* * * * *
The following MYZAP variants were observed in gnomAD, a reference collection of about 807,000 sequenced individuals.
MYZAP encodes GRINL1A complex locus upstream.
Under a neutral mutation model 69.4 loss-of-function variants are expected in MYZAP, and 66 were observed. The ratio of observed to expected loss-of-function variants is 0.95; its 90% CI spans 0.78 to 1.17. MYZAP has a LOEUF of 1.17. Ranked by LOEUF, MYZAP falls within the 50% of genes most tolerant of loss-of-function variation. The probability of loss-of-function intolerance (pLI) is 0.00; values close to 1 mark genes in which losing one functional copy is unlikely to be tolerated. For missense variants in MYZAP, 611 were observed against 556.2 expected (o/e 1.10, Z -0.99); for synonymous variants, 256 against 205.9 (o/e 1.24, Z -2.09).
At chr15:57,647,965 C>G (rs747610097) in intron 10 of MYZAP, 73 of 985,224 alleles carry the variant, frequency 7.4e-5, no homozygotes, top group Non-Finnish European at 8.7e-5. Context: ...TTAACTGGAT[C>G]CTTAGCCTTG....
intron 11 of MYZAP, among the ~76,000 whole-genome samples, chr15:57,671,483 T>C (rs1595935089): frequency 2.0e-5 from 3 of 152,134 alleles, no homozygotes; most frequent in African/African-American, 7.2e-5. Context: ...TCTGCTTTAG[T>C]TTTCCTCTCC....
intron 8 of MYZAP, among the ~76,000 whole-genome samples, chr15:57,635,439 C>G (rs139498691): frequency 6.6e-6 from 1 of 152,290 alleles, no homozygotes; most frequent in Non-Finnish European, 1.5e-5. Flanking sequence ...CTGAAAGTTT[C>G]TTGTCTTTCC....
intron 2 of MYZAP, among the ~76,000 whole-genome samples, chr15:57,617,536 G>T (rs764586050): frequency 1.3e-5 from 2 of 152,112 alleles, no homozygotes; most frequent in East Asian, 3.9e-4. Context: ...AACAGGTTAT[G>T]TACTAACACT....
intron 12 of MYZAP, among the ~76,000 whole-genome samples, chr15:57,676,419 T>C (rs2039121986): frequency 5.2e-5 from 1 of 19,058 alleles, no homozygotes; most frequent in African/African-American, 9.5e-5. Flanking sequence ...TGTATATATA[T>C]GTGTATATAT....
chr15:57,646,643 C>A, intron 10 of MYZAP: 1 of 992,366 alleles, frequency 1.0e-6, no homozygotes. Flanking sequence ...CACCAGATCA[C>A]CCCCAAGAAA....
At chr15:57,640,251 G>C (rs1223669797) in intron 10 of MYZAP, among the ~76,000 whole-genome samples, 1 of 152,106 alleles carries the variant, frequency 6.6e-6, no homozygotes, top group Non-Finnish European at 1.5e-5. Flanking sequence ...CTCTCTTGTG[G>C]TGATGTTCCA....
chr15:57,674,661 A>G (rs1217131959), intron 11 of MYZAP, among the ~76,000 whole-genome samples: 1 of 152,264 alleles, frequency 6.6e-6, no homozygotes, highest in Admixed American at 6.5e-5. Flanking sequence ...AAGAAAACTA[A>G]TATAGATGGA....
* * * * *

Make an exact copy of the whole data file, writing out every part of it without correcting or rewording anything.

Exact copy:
The following MYZAP variants were observed in gnomAD, a reference collection of about 807,000 sequenced individuals.
MYZAP encodes GRINL1A complex locus upstream.
Under a neutral mutation model 69.4 loss-of-function variants are expected in MYZAP, and 66 were observed. The ratio of observed to expected loss-of-function variants is 0.95; its 90% CI spans 0.78 to 1.17. MYZAP has a LOEUF of 1.17. Ranked by LOEUF, MYZAP falls within the 50% of genes most tolerant of loss-of-function variation. The probability of loss-of-function intolerance (pLI) is 0.00; values close to 1 mark genes in which losing one functional copy is unlikely to be tolerated. For missense variants in MYZAP, 611 were observed against 556.2 expected (o/e 1.10, Z -0.99); for synonymous variants, 256 against 205.9 (o/e 1.24, Z -2.09).
At chr15:57,647,965 C>G (rs747610097) in intron 10 of MYZAP, 73 of 985,224 alleles carry the variant, frequency 7.4e-5, no homozygotes, top group Non-Finnish European at 8.7e-5. Context: ...TTAACTGGAT[C>G]CTTAGCCTTG....
intron 11 of MYZAP, among the ~76,000 whole-genome samples, chr15:57,671,483 T>C (rs1595935089): frequency 2.0e-5 from 3 of 152,134 alleles, no homozygotes; most frequent in African/African-American, 7.2e-5. Context: ...TCTGCTTTAG[T>C]TTTCCTCTCC....
intron 8 of MYZAP, among the ~76,000 whole-genome samples, chr15:57,635,439 C>G (rs139498691): frequency 6.6e-6 from 1 of 152,290 alleles, no homozygotes; most frequent in Non-Finnish European, 1.5e-5. Flanking sequence ...CTGAAAGTTT[C>G]TTGTCTTTCC....
intron 2 of MYZAP, among the ~76,000 whole-genome samples, chr15:57,617,536 G>T (rs764586050): frequency 1.3e-5 from 2 of 152,112 alleles, no homozygotes; most frequent in East Asian, 3.9e-4. Context: ...AACAGGTTAT[G>T]TACTAACACT....
intron 12 of MYZAP, among the ~76,000 whole-genome samples, chr15:57,676,419 T>C (rs2039121986): frequency 5.2e-5 from 1 of 19,058 alleles, no homozygotes; most frequent in African/African-American, 9.5e-5. Flanking sequence ...TGTATATATA[T>C]GTGTATATAT....
chr15:57,646,643 C>A, intron 10 of MYZAP: 1 of 992,366 alleles, frequency 1.0e-6, no homozygotes. Flanking sequence ...CACCAGATCA[C>A]CCCCAAGAAA....
At chr15:57,640,251 G>C (rs1223669797) in intron 10 of MYZAP, among the ~76,000 whole-genome samples, 1 of 152,106 alleles carries the variant, frequency 6.6e-6, no homozygotes, top group Non-Finnish European at 1.5e-5. Flanking sequence ...CTCTCTTGTG[G>C]TGATGTTCCA....
chr15:57,674,661 A>G (rs1217131959), intron 11 of MYZAP, among the ~76,000 whole-genome samples: 1 of 152,264 alleles, frequency 6.6e-6, no homozygotes, highest in Admixed American at 6.5e-5. Flanking sequence ...AAGAAAACTA[A>G]TATAGATGGA....